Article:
By Jim Lowe
Rutland Herald, June 4, 20222
Brattleboro’s Juno Orchestra is coming to an end after five years — but that’s just as it was planned.
Founder and Artistic Director Zon Eastes had financed the professional chamber orchestra’s 10 concerts, two per season, with the sale of two cellos that he had been given.
“The old cello I sold was a big deal because it made a big difference,” he said by phone. “The other one was a modern cello, and it’s been sitting in both New York and Amherst trying to be sold for the longest time. Well, it just sold a month ago,” he said.
“It’s like the universe knew I needed the money for Juno: ‘Let’s get some money over to Zon so he can close off his project!’”
The Brattleboro Music Center will present Eastes conducting the final concert of the Juno Orchestra at 7:30 p.m. Friday, June 10, at Marlboro Music Festival’s Persons Auditorium. The program, “Zenith!” features: Sibelius’ Impromptu for Strings, after Op. 5, No. 5 and 6; Haydn’s Symphony No. 92 in G Major, “Oxford”; and Mozart’s Symphony No. 41 in C Major, K. 551, “Jupiter.”
Eastes is one of the most respected individuals in Vermont’s professional music world, as conductor, cellist, teacher and arts administrator. He led the Windham Orchestra, Brattleboro’s community orchestra, for over 20 years. He has conducted professional and community orchestras on both coasts, and taught cello and coached chamber music at Amherst, Dartmouth and Keene State colleges, among others. He was for many years executive director of the BMC and, more recently, he was director of outreach and advancement at the Vermont Arts Council.
Eastes isn’t exactly retiring. He continues his consulting work in the creative sector and schools and, two years ago, he returned to teaching cello after a 20-year break. And he’s a member of the Guilford Select Board.
What does he take away from five years of Juno?
“I think I would turn it back on the musicians and say that the biggest takeaway is the camaraderie, the feeling and the willingness for people to enter into the various aspects of this project and come along and play with so much willingness,” Eastes said. “Actually, it seemed to me anyway, people were really having a great time.”
This will be the 10th and final in-person concert of the Juno Orchestra. (Three of four Juno Singles, online videos of short new works by local composers, have been produced with one to go.) The key to Juno, besides Eastes’ fine conducting, seems to be his ability to attract excellent professional musicians,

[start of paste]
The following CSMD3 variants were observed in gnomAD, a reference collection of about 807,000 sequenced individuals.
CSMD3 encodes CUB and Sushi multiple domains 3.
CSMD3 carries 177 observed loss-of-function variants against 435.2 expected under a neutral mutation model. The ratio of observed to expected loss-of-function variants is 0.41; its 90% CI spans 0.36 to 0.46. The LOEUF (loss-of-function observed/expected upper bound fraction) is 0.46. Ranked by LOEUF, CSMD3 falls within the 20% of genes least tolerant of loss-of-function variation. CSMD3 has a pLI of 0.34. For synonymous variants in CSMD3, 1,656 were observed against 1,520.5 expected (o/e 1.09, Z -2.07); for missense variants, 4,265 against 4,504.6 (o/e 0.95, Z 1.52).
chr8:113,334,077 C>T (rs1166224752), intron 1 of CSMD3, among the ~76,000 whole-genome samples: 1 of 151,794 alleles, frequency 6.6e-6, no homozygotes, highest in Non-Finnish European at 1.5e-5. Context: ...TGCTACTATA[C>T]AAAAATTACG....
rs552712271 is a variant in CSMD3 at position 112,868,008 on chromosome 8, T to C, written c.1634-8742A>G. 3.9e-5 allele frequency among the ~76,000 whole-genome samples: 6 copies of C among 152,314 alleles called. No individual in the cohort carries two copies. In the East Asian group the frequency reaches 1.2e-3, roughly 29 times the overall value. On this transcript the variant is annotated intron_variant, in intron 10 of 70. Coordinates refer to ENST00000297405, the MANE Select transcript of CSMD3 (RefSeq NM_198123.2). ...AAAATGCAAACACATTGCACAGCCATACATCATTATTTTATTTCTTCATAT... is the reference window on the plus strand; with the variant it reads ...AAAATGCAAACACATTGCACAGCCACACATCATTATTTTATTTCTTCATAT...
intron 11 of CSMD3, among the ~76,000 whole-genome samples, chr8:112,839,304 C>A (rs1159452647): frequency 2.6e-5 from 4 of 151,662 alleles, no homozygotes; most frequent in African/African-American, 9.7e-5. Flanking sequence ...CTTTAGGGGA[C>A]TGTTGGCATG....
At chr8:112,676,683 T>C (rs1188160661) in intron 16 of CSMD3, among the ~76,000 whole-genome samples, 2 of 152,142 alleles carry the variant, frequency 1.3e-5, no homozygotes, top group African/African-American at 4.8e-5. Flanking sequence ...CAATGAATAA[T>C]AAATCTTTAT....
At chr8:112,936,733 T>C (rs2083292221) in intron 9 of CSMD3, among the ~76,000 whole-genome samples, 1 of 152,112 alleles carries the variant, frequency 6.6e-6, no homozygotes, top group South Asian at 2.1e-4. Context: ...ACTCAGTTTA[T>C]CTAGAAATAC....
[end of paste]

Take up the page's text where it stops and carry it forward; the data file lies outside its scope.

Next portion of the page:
“It was not hard,” Eastes said. “I would say it was because these are people I have known for a long time. There is only one person in the orchestra in this concert that I haven’t worked with in my life. But this person has all sorts of connections.
“And a few of them, I’ve known for 45 years — some as an undergraduate in New Mexico,” he said.
The program for the final concert had to be special. Jean Sibelius’ Impromptu for Strings, after Op. 5, No. 5 and 6, Juno performed previously.
“When we presented it, it struck a chord with people,” Eastes said. “It’s a beautiful little piece, especially in the moment we’re in, with Ukraine and Uvalde, so it’s just a great way to start.”
Joseph Haydn’s Symphony No. 92 has a special place in Eastes’ heart.
“It’s the first Haydn symphony I encountered, when I was young, as a professional musician,” he said. “This piece just cracked me up from the beginning to the end. I’ve loved it forever.”
Coincidentally, the Haydn and Mozart’s “Jupiter” Symphony were written at about the same time, 1788-89.
“I chose the Haydn because I love it and have always wanted to do it,” Eastes said. “And I’ve known since Juno started we were going to have to do the ‘Jupiter’ Symphony. We didn’t have any choice because of Juno and Jupiter (Romans’ chief goddess and god), so this was the time to do it.”
Conveniently, the orchestrations of both are the same.
“Both pieces are very different, but they both are full of joy and uplift,” Eastes said.
Also, for this concert, the Juno Orchestra will be its largest to date.
“It’s a very good orchestra,” Eastes said. “I‘m thrilled — I feel very honored. My main goal is to make it possible for people to enjoy playing these pieces — and to do it with some character.
“If you get the right people, it will be wonderful,” Eastes said. “I feel very lucky.”
Juno’s finale is also becoming something of a personal celebration for Eastes.
“My first cello teacher from my hometown in Kansas is coming,” he said. “I have friends from my first year in college that are coming, and other people that just called me out of the blue that are coming, so it’s really a moment for me. I love it.”